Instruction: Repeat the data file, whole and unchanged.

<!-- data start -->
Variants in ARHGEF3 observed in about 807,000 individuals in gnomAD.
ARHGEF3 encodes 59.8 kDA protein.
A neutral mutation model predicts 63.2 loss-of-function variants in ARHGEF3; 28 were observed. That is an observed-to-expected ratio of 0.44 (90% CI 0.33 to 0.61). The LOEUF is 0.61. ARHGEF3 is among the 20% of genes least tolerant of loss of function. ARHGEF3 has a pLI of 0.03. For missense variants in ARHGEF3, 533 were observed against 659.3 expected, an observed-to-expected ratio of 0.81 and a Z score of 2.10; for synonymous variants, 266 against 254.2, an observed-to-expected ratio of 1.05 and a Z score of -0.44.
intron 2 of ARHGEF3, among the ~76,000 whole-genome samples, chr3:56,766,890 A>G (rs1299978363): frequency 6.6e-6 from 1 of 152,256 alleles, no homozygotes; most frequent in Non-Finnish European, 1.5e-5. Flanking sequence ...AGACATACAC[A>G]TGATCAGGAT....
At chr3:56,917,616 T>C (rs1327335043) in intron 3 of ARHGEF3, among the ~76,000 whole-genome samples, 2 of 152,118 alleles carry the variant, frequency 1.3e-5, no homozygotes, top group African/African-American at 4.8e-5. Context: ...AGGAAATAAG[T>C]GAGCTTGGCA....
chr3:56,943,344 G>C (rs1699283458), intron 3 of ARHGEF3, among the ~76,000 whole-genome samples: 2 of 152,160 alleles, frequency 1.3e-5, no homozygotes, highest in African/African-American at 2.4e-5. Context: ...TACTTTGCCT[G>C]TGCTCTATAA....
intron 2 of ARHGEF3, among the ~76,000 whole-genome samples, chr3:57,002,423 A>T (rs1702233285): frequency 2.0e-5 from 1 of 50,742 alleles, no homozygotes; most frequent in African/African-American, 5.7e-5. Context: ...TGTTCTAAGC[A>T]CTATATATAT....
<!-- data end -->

Variants in ARHGEF3 observed in about 807,000 individuals in gnomAD.
ARHGEF3 encodes 59.8 kDA protein.
A neutral mutation model predicts 63.2 loss-of-function variants in ARHGEF3; 28 were observed. That is an observed-to-expected ratio of 0.44 (90% CI 0.33 to 0.61). The LOEUF is 0.61. ARHGEF3 is among the 20% of genes least tolerant of loss of function. ARHGEF3 has a pLI of 0.03. For missense variants in ARHGEF3, 533 were observed against 659.3 expected, an observed-to-expected ratio of 0.81 and a Z score of 2.10; for synonymous variants, 266 against 254.2, an observed-to-expected ratio of 1.05 and a Z score of -0.44.
intron 2 of ARHGEF3, among the ~76,000 whole-genome samples, chr3:56,766,890 A>G (rs1299978363): frequency 6.6e-6 from 1 of 152,256 alleles, no homozygotes; most frequent in Non-Finnish European, 1.5e-5. Flanking sequence ...AGACATACAC[A>G]TGATCAGGAT....
At chr3:56,917,616 T>C (rs1327335043) in intron 3 of ARHGEF3, among the ~76,000 whole-genome samples, 2 of 152,118 alleles carry the variant, frequency 1.3e-5, no homozygotes, top group African/African-American at 4.8e-5. Context: ...AGGAAATAAG[T>C]GAGCTTGGCA....
chr3:56,943,344 G>C (rs1699283458), intron 3 of ARHGEF3, among the ~76,000 whole-genome samples: 2 of 152,160 alleles, frequency 1.3e-5, no homozygotes, highest in African/African-American at 2.4e-5. Context: ...TACTTTGCCT[G>C]TGCTCTATAA....
intron 2 of ARHGEF3, among the ~76,000 whole-genome samples, chr3:57,002,423 A>T (rs1702233285): frequency 2.0e-5 from 1 of 50,742 alleles, no homozygotes; most frequent in African/African-American, 5.7e-5. Context: ...TGTTCTAAGC[A>T]CTATATATAT....